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Comments

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Obama Administration Says the World's Servers Are Ours

Lonewolf666 Re: Maybe, maybe not. (749 comments)

But the new corporate headquarters overseas would presumably not be bound by the subpoena. In that case, it sucks to be the guy in the US subsidiary who just got subpoenaed. Because he is unable to comply.

about a week ago
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Sand-Based Anode Triples Lithium-Ion Battery Performance

Lonewolf666 Re:Correct me if I'm wrong, but... (60 comments)

That said, the real papers you want to be on the lookout for are cathode improvements, there's a lot more potential for volume/mass reduction there than in the anode.

Exactly, all articles I can remember offhand for the cathode talk about a capacity of less than 200 mAh/g for existing cathode chemistries. So the cathode would make up most of the weight of the battery.

If the technology from TFA works out, maybe we can get a 20% - 30% improvement in overall energy density.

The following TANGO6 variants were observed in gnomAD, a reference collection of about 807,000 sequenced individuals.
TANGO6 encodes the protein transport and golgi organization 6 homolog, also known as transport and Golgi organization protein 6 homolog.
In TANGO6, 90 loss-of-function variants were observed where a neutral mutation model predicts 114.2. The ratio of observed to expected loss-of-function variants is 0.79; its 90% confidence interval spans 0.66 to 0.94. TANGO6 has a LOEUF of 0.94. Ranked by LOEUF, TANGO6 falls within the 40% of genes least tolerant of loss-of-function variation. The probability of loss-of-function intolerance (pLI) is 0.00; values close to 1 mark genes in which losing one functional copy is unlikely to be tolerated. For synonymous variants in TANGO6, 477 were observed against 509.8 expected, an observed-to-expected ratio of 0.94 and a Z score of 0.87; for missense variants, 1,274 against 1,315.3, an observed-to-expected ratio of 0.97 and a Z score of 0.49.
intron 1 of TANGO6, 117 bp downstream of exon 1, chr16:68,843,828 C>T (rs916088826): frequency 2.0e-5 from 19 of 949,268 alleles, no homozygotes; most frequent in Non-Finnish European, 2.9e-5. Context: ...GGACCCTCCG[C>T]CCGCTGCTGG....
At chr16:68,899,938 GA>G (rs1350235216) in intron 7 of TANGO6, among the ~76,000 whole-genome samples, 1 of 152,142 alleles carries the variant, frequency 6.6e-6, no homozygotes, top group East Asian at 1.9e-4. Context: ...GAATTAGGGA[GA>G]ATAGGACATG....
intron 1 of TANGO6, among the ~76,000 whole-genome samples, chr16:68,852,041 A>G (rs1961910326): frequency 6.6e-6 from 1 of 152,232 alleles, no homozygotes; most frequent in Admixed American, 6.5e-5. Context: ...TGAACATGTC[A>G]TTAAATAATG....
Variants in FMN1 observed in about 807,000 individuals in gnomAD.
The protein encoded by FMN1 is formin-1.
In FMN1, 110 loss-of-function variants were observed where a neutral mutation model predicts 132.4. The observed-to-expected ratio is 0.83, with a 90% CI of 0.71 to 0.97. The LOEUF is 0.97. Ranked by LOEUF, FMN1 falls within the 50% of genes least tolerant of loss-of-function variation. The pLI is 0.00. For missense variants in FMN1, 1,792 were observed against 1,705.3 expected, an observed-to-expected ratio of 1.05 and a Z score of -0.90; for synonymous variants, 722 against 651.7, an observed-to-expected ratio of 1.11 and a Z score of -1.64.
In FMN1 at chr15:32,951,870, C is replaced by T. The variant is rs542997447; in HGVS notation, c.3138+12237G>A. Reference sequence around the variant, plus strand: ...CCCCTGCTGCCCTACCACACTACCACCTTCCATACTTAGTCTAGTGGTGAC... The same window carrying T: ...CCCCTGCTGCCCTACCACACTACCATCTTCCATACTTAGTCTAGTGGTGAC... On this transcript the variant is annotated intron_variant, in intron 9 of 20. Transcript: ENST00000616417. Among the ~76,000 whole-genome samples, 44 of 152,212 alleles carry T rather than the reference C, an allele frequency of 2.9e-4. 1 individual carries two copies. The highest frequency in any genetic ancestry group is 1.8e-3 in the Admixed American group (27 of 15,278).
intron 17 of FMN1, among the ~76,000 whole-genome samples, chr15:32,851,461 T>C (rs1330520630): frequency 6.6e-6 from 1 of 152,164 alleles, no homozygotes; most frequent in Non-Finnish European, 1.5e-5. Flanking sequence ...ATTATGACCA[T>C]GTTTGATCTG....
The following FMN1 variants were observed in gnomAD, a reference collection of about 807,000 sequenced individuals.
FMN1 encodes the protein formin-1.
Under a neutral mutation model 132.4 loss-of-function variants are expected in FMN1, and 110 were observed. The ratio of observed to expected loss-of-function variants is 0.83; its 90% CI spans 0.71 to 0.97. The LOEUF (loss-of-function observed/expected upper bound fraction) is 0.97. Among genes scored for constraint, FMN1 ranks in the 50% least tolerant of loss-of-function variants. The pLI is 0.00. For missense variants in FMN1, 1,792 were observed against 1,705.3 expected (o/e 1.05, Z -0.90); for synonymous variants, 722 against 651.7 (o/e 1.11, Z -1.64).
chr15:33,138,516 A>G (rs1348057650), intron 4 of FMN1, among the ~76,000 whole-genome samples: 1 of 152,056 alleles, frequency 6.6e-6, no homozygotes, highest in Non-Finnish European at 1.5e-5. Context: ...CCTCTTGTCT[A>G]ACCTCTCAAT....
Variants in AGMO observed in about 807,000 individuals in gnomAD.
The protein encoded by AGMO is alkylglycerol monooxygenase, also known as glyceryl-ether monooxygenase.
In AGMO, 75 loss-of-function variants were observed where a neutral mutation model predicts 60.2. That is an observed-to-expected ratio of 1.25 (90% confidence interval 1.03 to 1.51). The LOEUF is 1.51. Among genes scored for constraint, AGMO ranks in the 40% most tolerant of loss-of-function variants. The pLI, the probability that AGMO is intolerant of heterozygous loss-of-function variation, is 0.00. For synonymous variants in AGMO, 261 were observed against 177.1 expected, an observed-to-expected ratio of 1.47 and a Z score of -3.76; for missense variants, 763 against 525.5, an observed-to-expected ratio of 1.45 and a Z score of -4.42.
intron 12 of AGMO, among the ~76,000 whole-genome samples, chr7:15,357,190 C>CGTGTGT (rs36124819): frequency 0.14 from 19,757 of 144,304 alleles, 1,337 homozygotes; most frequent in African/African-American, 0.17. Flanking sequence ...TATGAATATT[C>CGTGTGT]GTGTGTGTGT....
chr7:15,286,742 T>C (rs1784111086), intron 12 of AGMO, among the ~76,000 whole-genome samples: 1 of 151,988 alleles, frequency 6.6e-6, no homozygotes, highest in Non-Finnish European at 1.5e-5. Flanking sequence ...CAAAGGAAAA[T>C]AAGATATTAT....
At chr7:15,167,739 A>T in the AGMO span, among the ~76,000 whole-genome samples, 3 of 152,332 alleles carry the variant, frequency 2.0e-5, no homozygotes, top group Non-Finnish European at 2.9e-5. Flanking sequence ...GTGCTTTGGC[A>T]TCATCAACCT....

about two weeks ago
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Ode To Sound Blaster: Are Discrete Audio Cards Still Worth the Investment?

Lonewolf666 Contacts matter (499 comments)

Many years ago, I joined a group of audiophile students at my university and we were building a pair of two-way loudspeakers with semi-expensive chassis. Students' budget, but it still had potential. When experimenting with crossover components, we soldered things together at first, then someone had the idea to use alligator clips (two each connected by a cable soldered to the clips) for faster turnaround.

The sound quality, which had been quite good up to that point, suddenly dropped to that of a cheap speaker from some supermarket. The ohmic resistance of the cable between the alligator clips was IMHO too low to have much of an influence.

Conclusion:
It must have been the alligator clips, and good contacts matter. Since that experience I like to use gold-plated connectors, but with standard cables to connect them. That combination tends to be cheap enough and works for me :-)

about two weeks ago
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Ode To Sound Blaster: Are Discrete Audio Cards Still Worth the Investment?

Lonewolf666 Re:No. (499 comments)

Depends on your main board.

My last purchase from 2011, an ASUS M4A7LT, has an onboard sound chip that cannot drive headphones at more than low volume.

At low volume it sounds good, and I'm sure it would be adequate to drive the input of an amplifier. But when I put in my (low impedance, maybe 30 Ohms) walkman headphones it fails miserably. Severe clipping as soon as I turn up the volume a bit.